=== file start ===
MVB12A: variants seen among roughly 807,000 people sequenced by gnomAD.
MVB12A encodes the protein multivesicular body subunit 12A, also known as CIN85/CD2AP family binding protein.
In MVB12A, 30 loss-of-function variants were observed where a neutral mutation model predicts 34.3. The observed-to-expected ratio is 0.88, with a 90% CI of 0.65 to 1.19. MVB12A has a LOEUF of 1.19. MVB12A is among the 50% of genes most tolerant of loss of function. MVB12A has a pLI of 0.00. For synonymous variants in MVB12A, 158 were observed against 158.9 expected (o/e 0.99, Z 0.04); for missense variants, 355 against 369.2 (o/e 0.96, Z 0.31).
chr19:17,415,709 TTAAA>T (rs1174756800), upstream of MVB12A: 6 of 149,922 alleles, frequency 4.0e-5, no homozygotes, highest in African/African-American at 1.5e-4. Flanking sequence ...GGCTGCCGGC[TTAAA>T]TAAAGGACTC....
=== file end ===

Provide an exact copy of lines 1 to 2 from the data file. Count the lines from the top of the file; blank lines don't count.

MVB12A: variants seen among roughly 807,000 people sequenced by gnomAD.
MVB12A encodes the protein multivesicular body subunit 12A, also known as CIN85/CD2AP family binding protein.